The CITE architecture
The CITE architecture defines a framework for scholarly reference to the unique cultural phenomena that humanists study. It was originally developed for the Homer Multitext, a project under the editorship of Casey Dué and Mary Ebbott, sponsored by the Center for Hellenic Studies of Harvard University, Gregory Nagy, Director.
It begins with definitions of two URN formats for citing resources: the CTS URN for texts, and the CITE Collection URN for citing discrete objects. URNs are technology-independent, human-readable but machine-parseable identifiers.
The architecture then defines corresponding network services that identify and retrieve objects using CITE URNs.
- The Canonical Text Service uses CTS URNs to identify and retrieve digital representations of texts.
- The CITE Collection Service uses Collection URNs to identify and retrieve digital representations of discrete objects.
In the CITE architecture, URNs also serve to associate objects with each other. This relation is represented as a typed pairing of URNs, referred to as a CITE Index. Generically, a CITE Index is a graph with nodes representing citable objects, and arcs representing the relation between the two objects; this can be instantiated as a triplet store. We define a third service, a the CITE Graph service, that delivers nodes in a CITE graph adjacent to a node identified by URN.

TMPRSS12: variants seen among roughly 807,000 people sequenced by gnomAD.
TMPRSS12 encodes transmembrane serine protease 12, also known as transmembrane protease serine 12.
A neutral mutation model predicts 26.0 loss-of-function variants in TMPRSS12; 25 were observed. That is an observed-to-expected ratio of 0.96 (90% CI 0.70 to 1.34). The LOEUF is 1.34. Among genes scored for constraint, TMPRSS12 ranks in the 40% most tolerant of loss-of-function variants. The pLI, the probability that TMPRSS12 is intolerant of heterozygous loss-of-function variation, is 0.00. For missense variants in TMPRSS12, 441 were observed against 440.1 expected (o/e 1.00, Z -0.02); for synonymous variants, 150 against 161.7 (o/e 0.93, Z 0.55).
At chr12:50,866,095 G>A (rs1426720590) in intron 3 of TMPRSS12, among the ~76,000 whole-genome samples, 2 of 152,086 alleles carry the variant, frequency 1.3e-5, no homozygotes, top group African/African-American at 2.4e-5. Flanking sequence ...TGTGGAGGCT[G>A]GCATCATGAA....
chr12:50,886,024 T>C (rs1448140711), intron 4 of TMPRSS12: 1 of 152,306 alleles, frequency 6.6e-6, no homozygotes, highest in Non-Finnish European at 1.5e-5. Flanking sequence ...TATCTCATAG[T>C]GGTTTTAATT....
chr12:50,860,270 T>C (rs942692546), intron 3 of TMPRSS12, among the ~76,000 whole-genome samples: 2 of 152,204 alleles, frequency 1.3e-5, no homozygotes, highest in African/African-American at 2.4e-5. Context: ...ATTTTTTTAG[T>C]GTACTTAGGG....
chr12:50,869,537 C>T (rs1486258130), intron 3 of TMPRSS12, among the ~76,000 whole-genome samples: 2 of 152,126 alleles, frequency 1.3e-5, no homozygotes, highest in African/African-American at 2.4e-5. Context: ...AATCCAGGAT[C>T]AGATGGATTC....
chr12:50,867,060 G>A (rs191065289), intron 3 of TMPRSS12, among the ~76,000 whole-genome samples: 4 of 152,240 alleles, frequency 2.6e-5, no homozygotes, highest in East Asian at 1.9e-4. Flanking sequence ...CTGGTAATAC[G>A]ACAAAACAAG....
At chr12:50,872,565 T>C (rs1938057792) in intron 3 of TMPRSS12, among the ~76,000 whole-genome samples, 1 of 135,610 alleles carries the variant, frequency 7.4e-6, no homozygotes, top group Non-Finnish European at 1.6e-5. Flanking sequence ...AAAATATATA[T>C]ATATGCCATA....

The trio of Collections, Indexes and Texts make up the core of the CITE architecture. The architecture allows further extensions (hence the acronym, CITE). This web site includes documentation for one extension: the CHS Image Extension defines an extended URN notation for citing regions of interest on images that are uniquely identified by Collection URNs, and a corresponding network service for working with these extended URNs.